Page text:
Simitri is designed to provide stability in the knees immediately after surgery and remain stable throughout the entire phase of stride (both weight bearing and non-weight bearing), unlike other surgeries. With TPLO and TTA, for example, the knee is purported to be “dynamically stable,” which means it is stable during only the weight bearing phase of stride. The full stability in Simitri knees may protect the joint from further damage, especially to the menisci (cartilages). “To date we have not seen any dogs develop clinical signs of meniscal tears after Simitri surgery,” Dr. Embleton said.

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Postoperative AP view

After 175 cases of Simitri surgery performed by Dr. Embleton, there has yet to be a documented case of postoperative infection. Rejection of the implant is also unlikely as both surgical grade stainless steel plates and the UHMWPE are both highly biocompatible.

Although dependent on age, breed, degree of preexisting disease or injury, and rehabilitation effort by the owners, most Simitri dogs return to their preoperative activity level within four months. Ideal rehabilitation includes controlled exercise, massage, and passive range of motion exercises, all of which are designed to strengthen the hind end and increase ROM of the ankle, knee, and hip. Because there is no cutting of bone or muscle during the procedure, postoperative restrictions are not as onerous, said Dr. Embleton.

Simitri is an option for any dog (without neoplasia or a known infection) that fits the currently available implants, which fit most dogs between 44 and 79 lbs (20-36 kg). A smaller design is also available that should allow dogs as small as 22 lbs (10 kg) to be treated. Implants for dogs larger than 80 lbs are currently in the design process and will hopefully be available by the end of this year. Simitri is an option for dogs of any age as well. In fact, “Simitri is ideal for older patients,” Dr. Embleton said. “Our oldest patient treated to date was 14 years old. He was walking within 24 hours of surgery.” The longest cases of Simitri knees have been out for over three years now.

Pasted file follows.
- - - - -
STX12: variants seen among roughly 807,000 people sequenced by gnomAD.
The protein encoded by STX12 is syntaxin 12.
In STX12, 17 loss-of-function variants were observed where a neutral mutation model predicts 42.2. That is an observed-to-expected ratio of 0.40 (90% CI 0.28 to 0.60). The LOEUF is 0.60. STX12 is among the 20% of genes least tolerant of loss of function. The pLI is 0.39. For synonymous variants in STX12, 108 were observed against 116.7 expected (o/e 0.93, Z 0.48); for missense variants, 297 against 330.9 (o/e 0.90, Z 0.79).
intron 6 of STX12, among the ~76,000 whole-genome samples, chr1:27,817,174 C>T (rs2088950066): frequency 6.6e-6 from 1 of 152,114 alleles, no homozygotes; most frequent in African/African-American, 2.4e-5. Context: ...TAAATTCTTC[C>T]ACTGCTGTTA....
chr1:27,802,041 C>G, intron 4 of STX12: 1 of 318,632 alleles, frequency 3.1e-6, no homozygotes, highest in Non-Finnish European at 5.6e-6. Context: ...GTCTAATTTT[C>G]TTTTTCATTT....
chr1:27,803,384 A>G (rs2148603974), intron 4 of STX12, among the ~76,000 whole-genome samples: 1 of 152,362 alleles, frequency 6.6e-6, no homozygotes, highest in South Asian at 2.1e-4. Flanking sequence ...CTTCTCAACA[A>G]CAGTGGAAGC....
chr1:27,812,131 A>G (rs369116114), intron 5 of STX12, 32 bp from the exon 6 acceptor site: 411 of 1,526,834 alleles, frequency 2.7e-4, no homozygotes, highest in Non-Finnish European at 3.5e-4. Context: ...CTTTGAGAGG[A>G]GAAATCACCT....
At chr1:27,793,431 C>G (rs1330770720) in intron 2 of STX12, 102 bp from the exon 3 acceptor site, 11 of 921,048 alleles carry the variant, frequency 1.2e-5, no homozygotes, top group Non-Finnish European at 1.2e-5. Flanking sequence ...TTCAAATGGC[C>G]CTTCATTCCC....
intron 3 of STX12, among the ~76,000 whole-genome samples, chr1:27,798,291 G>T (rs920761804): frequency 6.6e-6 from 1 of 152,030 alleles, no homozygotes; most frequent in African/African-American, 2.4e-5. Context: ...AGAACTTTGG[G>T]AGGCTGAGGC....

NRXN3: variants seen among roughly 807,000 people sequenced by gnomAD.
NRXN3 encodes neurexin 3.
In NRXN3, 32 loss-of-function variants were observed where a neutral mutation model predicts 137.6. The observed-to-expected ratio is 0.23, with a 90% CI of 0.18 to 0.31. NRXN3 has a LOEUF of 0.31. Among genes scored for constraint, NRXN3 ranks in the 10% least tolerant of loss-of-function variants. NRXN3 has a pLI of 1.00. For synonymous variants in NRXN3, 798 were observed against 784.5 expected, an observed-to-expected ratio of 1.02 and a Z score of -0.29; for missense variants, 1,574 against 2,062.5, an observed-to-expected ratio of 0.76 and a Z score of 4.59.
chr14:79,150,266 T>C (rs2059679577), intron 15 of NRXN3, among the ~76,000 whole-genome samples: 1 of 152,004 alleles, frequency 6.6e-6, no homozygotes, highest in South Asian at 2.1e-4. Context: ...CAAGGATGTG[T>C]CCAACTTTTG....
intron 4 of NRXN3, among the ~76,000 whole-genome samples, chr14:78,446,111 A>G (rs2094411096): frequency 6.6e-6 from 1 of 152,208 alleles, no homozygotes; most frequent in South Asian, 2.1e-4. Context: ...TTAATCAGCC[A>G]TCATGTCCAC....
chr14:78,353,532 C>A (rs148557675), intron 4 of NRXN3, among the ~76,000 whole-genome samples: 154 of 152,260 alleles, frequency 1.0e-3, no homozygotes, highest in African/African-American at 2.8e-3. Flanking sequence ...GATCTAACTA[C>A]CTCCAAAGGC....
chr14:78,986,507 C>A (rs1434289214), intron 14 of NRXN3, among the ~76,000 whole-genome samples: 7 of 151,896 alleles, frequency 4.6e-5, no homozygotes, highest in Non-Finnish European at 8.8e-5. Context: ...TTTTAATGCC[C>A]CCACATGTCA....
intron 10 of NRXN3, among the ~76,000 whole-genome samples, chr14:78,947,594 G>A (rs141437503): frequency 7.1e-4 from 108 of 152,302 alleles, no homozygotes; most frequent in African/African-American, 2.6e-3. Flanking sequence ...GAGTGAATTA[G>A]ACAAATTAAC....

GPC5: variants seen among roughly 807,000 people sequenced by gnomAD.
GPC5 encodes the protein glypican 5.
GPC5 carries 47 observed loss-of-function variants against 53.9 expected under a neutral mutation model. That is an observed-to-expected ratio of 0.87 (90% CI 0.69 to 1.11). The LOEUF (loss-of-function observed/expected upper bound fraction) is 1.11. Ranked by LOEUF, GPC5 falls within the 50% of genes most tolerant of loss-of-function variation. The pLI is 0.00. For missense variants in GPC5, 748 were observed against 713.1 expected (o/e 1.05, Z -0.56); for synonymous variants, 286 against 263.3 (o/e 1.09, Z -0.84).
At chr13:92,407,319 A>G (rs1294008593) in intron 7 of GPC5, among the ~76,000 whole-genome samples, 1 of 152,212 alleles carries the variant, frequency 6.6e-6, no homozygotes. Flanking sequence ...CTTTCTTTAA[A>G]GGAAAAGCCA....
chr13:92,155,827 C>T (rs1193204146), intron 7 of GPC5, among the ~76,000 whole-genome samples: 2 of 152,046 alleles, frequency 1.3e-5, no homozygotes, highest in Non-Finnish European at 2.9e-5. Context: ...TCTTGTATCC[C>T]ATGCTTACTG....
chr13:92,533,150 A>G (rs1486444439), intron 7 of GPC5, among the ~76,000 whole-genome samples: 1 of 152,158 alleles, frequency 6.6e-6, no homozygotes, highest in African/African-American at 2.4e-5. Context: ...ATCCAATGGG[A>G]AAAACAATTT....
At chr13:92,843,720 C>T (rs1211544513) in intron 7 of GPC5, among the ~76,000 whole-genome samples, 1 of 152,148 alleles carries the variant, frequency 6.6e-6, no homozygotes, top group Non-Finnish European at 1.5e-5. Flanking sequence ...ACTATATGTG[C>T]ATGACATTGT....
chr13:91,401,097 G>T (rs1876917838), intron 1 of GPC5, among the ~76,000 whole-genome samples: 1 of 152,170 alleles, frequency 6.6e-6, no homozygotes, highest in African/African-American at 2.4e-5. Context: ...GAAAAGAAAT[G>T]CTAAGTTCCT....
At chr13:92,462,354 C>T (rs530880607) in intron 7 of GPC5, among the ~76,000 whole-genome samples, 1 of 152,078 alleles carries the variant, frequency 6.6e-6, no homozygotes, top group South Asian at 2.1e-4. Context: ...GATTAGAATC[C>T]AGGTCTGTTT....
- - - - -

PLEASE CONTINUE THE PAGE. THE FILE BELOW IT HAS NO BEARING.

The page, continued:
As far as geographic availability is concerned, there are several vets in both Canada and the U.S. who are now performing Simitri surgery. Dr. Embleton and Dr. Barkowski hope that Simitri will become more widely available as awareness and knowledge of the procedure grows in the veterinary world. “We now have pre-surgical planning guides and a step-by-step surgical guide to assist surgeons in performing the procedure. We are also considering offering wet labs and I am willing to help any veterinarian at any time,” Dr. Embleton said. The implant itself is manufactured in the U.S. and is available worldwide.

Simitri Stable in Stride® Four weeks post-op

Four weeks post-op

There is still a long way to go in the evolution of canine cruciate injury repair techniques, but Dr. Embleton is optimistic about the future. “This may sound strange coming from a surgeon, but my hope is that one day we can use nonsurgical means to treat, or better yet to prevent, cruciate ligament disease,” he said. While it will probably be many years before that option is available, he believes that immediate stability throughout the stride is the key to success in cruciate surgery. “I don’t know if the Simitri implant is the answer that we have been looking for, or just the direction we should be following. I do know this: we now have a new way to look at an old disease.”

Dr. Embleton would be happy to hear from dog owners and their veterinarians. For questions or more information, you may contact him directly at Veterinarians can also contact New Generation Devices for more information about the Simitri implant.

53 thoughts on “New Emerging Treatment: Simitri Stable in Stride

  1. Hi Melanie,
    We currently have veterinarians in Ohio, NY, California, and Texas performing the procedure. We would be more than happy to help any veterinarian learn the procedure.
    Please talk to your vet clinic. And they either contact me directly, or New Generation Devices. We having procedure learning tools that are available on line.
    Kind regards,
    Dr. Neil Embleton